Microscopically, the gland interstitium is edematous and diffusely infiltrated by histiocytes, lymphocytes, and plasmocytes that compress acini and ducts.

Neutrophils and necrotic debris may fill the ductal lumen and cause focal damage to the ductal epithelium.

In mumps orchitis, testicular edema, mononuclear cell infiltration, and focal hemorrhages has been revealed.

Complications: atrophy of testis with azoospermia development, serous meningitis and meningoencephalitis.

The death of the patients with mumps is associated with central nervous system involvement.

Infectious mononucleosis (Epstein-Barr virus), (Filatov's disease)is a benign, self-limited lympho-proliferative disease caused by EBV, a gamma-group herpesvirus. Infectious mononucleosis is characterized by fever, generalized lymphadenopathy, splenomegaly, sore throat, and the appearance in the blood of atypical activated T-lymphocytes (mononucleosis cells). Some patients develop hepatitis, meningoencephalitis, and pneumonitis. EBV is transmitted by close human contact, frequently with the saliva during kissing.

Pathology. The major alterations involve the blood, lymph nodes, spleen, liver, central nervous system. The peripheral blood shows absolute lymphocytosis with a total white cell count between 12 000 and 18 000 per microliter, more than 60% of which are lymphocytes. Many of these are large, atypical lymphocytes, characterized by an abundant cytoplasm containing multiple clear vacuolations and an oval, indented, or folded nucleus. The lymph nodes

are typically changed and enlarged throughout the body, principally in the posterior cervical, axillary, and groin regions. Microscopically, the lymphoid tissue is flooded by atypical lymphocytes, which occupy the paracortical areas. There is B-cell reaction too, with enlargement of follicles.

The spleen is enlarged in most cases, weighing between 300 and 500 gm. It is usually soft and fleshy, with a hyperemic cut surface. The microscopical changes are similar to those of the lymphatic. These spleens are especially vulnerable to rupture, possibly resulting in part from infiltration of the trabeculae and capsule by the lymphocytes.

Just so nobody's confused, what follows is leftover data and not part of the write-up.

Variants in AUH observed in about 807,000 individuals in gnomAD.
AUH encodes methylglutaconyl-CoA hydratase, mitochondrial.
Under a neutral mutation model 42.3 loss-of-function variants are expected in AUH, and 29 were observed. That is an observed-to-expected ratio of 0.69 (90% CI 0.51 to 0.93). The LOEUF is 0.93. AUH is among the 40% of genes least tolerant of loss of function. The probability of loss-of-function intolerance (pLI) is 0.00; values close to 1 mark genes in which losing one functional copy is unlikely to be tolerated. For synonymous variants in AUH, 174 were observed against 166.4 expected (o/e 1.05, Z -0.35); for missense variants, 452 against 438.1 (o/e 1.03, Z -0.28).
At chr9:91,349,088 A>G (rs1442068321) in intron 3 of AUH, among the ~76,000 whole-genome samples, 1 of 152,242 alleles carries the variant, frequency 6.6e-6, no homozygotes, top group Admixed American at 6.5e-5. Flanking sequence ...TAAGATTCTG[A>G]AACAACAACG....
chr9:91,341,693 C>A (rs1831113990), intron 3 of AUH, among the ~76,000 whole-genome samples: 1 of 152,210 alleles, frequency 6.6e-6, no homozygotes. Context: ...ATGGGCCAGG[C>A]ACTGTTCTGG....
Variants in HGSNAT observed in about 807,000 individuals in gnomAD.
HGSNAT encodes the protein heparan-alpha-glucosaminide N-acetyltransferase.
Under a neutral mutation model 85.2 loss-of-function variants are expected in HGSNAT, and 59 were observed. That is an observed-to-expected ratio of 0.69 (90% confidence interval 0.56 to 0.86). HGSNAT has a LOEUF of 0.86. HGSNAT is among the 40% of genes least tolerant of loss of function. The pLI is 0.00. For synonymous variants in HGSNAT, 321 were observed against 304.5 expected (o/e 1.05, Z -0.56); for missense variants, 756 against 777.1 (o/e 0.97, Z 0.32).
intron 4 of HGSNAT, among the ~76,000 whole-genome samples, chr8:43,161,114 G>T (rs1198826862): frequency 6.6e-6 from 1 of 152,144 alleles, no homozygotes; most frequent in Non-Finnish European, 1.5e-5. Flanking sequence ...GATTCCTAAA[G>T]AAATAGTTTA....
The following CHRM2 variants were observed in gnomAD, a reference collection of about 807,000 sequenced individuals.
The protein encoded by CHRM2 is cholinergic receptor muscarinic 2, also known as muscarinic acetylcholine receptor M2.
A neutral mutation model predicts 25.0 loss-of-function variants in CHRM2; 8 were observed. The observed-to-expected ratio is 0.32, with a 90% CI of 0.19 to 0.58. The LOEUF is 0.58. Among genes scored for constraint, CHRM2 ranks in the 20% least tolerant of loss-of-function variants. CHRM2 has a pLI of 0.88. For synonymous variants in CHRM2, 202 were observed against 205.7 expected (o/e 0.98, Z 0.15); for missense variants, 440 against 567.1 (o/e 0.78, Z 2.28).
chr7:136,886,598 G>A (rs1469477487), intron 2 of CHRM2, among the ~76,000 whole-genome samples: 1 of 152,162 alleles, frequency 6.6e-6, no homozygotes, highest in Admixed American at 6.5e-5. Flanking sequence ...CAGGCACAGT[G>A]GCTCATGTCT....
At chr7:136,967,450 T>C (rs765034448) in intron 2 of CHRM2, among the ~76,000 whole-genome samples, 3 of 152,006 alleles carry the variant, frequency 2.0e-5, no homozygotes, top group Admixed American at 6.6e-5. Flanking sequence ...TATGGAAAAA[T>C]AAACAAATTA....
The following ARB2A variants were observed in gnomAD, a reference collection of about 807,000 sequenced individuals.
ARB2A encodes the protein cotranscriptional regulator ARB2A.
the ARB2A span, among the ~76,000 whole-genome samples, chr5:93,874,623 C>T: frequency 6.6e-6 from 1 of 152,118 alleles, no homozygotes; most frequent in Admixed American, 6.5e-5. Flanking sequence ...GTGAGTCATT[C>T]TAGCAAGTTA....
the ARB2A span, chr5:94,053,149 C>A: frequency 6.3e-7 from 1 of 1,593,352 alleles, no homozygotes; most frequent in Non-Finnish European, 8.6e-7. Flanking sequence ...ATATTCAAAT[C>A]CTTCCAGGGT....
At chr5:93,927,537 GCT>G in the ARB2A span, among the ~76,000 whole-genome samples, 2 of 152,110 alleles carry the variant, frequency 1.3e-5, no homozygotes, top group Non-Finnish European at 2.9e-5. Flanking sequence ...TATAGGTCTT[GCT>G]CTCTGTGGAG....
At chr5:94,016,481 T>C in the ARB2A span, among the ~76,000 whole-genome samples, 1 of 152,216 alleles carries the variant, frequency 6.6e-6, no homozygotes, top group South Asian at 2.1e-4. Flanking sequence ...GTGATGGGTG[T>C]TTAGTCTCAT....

Liver function is almost always transiently impaired to some degree, although hepatomegaly is at most moderate. Microscopically, atypical lymphocytes are seen in the portal areas and sinusoids; scattered, isolated cells or foci of parenchymal necrosis filled with lymphocytes are revealed.

Mononuclear infiltration appears in the lungs, endocardium, pericardium, myocardium, kidneys, pancreas, gastric mucosa striated muscles, skin. Causes of death are meningoencephalitis, peripheral paralysis of the respiration, rupture of spleen, secondary infections.

Diphtheriais an acute infectious disease characterized by fibrinous inflammation in the focus of primary fixation of the causative agent and general intoxication due to exotoxin absorption. The disease

is more common in children, at present the disease is more frequent in children over 7 years.

Etiology and pathogenesis. The causative agent of the disease is diphtheria bacillus. The primary source of infection is the bacilli-carrier, to the less degree the sick person. Diphtheria is a local infection as hematogenic propagation is not observed. The diphtheria bacillus multiplies in the area of the infection atrium on the mucous membranes and excretes exotoxin. The exotoxin causes local necrosis of the epithelium, paretic dilation of the vessels with disturbance of their permeability, edema of the tissues and release of fibrinogen from the vascular bed. A fibrous coat is formed on the surface of the damaged mucous membrane. Exotoxin affects cardiovascular, nervous systems and adrenal glands. This simultaneous damage causes hemodynamic disturbances in the organism, excretion of the exotoxin from the organism is accompanied by the damage of tubular epithelium of the kidneys.